# Pendulum Projectiles Activity #ahsphysics

Pendulum Projectiles…HOW DO WE DO THIS?!

Feel free to brainstorm for the following questions in consideration of the lab activity tomorrow.

1. You pull the pendulum back. How might you be able to determine the amount of GPE you are giving the pendulum?
2. You let go of the pendulum and it swings through its rest position. How could you calculate how fast it is going?
3. The pendulum string is cut! Now the pendulum has entered into horizontal projectile motion! How might you find where it will hit the ground? (aka the Range!)

Now, several things you will have needed to consider include:

• GPE
• KE
• Conservation of Energy
• Projectile Motion
• Initial Velocity, Final Velocity
• Horizontal and Vertical Components (think back to first semester!)
• Acceleration Equations (Equation sheet???)

Using everything we have talked about over the course of the last 5 months, work through the problem below:

You pull back a 50-g pendulum bob so that it has been raised a height of 4.5 cm from its rest position. The pendulum is sitting 50 cm off the floor.

A. Find the change in GPE (added energy)

B. Now, you let it go. Find it maximum velocity at the rest position just before the string is cut!

C. Now, using a toolkit, find where the projectile will hit the floor!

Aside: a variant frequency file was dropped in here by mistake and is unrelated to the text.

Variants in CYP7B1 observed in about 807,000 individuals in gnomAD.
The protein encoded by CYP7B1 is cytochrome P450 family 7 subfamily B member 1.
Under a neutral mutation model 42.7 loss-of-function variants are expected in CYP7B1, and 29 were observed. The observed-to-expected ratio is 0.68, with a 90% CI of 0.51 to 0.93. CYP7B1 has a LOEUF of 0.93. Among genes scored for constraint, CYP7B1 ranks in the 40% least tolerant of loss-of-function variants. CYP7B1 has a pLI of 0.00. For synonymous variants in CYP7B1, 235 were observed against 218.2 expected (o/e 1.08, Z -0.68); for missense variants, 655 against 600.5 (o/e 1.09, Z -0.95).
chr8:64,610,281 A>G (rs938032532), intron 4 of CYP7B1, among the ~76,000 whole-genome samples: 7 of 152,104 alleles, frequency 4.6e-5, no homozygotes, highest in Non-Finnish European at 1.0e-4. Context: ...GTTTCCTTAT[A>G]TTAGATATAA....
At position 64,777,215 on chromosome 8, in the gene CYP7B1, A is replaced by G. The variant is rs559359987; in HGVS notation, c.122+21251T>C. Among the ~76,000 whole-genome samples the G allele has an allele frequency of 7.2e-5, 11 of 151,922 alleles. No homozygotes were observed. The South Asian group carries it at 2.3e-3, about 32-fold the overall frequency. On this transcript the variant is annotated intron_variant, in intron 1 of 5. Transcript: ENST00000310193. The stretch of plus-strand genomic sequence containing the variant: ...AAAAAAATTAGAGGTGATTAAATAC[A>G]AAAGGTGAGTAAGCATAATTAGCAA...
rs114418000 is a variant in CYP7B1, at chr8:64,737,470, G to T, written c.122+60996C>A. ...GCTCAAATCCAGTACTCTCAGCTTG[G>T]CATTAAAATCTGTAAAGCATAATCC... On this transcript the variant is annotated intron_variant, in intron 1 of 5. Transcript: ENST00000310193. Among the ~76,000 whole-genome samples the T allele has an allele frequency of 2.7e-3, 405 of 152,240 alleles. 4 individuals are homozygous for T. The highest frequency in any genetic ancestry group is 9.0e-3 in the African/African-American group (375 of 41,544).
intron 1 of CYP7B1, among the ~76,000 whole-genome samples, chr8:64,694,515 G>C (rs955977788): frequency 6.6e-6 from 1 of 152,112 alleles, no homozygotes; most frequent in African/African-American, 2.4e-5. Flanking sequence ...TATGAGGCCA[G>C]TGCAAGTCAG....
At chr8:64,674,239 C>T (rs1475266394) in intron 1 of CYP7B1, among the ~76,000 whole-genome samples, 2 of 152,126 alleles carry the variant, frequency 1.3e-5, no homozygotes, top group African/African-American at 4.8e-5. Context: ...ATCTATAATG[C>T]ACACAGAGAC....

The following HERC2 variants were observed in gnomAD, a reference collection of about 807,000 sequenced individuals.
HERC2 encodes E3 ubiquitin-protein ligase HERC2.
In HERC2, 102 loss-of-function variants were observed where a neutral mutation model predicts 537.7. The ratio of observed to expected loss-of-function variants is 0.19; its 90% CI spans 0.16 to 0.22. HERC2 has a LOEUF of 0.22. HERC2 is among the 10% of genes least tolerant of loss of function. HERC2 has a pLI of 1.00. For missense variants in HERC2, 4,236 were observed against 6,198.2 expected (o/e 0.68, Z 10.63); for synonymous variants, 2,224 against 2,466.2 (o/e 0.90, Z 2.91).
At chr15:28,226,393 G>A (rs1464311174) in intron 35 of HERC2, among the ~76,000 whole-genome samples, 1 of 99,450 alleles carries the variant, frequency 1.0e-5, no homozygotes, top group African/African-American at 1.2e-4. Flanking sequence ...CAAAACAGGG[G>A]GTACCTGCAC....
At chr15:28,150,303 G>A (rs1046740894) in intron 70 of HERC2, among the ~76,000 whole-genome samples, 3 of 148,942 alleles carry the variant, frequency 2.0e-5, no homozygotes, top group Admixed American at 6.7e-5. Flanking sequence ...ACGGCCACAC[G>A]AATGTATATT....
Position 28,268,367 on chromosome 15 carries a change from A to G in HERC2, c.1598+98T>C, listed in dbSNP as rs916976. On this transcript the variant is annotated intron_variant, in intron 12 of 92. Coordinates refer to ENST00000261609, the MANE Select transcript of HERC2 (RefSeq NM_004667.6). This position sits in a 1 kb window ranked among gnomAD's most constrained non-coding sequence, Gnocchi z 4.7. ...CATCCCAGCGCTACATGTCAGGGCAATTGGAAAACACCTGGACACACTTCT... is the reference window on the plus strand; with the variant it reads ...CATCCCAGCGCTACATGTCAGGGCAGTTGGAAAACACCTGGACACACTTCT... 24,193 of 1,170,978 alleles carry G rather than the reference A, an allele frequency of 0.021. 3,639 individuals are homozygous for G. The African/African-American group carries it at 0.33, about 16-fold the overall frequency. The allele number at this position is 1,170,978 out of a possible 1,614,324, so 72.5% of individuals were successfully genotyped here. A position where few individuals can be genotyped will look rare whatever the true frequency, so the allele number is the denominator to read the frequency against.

You are going to perform this procedure in the lab tomorrow. You will get one chance to achieve 100%. If you have questions about certain aspects of the problem please contact me. However, you will need to provide me with your answers to questions #1-3 above so that I know you have given consideration to the problem. Best wishes! I am confident you, like the many physics students before you, will do quite well!

## 4 thoughts on “Pendulum Projectiles Activity #ahsphysics”

1. Dave says:

What equation should we use/modify to find the distance?

• There is no particular equation. You need to create a toolkit and look at the horizontal and vertical components of motion. You need to find what it is you’re looking for and use your equation sheet to assist you. I think you will probably need 2-3 equations when it is all said and done.

2. Suzanne says:

Does the “4.5 cm” refer to vertical displacement, or is it the total distance the bob is moved diagonally?